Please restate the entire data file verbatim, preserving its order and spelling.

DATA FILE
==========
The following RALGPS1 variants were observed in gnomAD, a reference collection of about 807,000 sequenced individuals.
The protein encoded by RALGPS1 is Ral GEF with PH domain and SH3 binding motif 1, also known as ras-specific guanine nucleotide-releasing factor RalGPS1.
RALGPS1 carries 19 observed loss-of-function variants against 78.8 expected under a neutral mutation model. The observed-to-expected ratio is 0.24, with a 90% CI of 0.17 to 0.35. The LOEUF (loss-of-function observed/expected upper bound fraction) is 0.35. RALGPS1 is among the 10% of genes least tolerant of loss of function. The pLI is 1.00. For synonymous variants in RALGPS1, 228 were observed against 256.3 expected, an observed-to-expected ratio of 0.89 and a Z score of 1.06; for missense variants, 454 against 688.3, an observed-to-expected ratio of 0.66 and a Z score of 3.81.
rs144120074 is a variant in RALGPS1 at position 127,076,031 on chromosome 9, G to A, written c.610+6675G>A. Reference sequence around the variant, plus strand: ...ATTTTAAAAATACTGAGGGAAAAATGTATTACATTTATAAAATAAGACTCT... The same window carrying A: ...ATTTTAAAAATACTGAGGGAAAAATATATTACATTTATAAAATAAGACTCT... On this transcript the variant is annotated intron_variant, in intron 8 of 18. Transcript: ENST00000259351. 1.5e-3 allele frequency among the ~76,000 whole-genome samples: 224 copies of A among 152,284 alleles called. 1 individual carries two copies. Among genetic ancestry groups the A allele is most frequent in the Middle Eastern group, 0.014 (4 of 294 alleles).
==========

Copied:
The following RALGPS1 variants were observed in gnomAD, a reference collection of about 807,000 sequenced individuals.
The protein encoded by RALGPS1 is Ral GEF with PH domain and SH3 binding motif 1, also known as ras-specific guanine nucleotide-releasing factor RalGPS1.
RALGPS1 carries 19 observed loss-of-function variants against 78.8 expected under a neutral mutation model. The observed-to-expected ratio is 0.24, with a 90% CI of 0.17 to 0.35. The LOEUF (loss-of-function observed/expected upper bound fraction) is 0.35. RALGPS1 is among the 10% of genes least tolerant of loss of function. The pLI is 1.00. For synonymous variants in RALGPS1, 228 were observed against 256.3 expected, an observed-to-expected ratio of 0.89 and a Z score of 1.06; for missense variants, 454 against 688.3, an observed-to-expected ratio of 0.66 and a Z score of 3.81.
rs144120074 is a variant in RALGPS1 at position 127,076,031 on chromosome 9, G to A, written c.610+6675G>A. Reference sequence around the variant, plus strand: ...ATTTTAAAAATACTGAGGGAAAAATGTATTACATTTATAAAATAAGACTCT... The same window carrying A: ...ATTTTAAAAATACTGAGGGAAAAATATATTACATTTATAAAATAAGACTCT... On this transcript the variant is annotated intron_variant, in intron 8 of 18. Transcript: ENST00000259351. 1.5e-3 allele frequency among the ~76,000 whole-genome samples: 224 copies of A among 152,284 alleles called. 1 individual carries two copies. Among genetic ancestry groups the A allele is most frequent in the Middle Eastern group, 0.014 (4 of 294 alleles).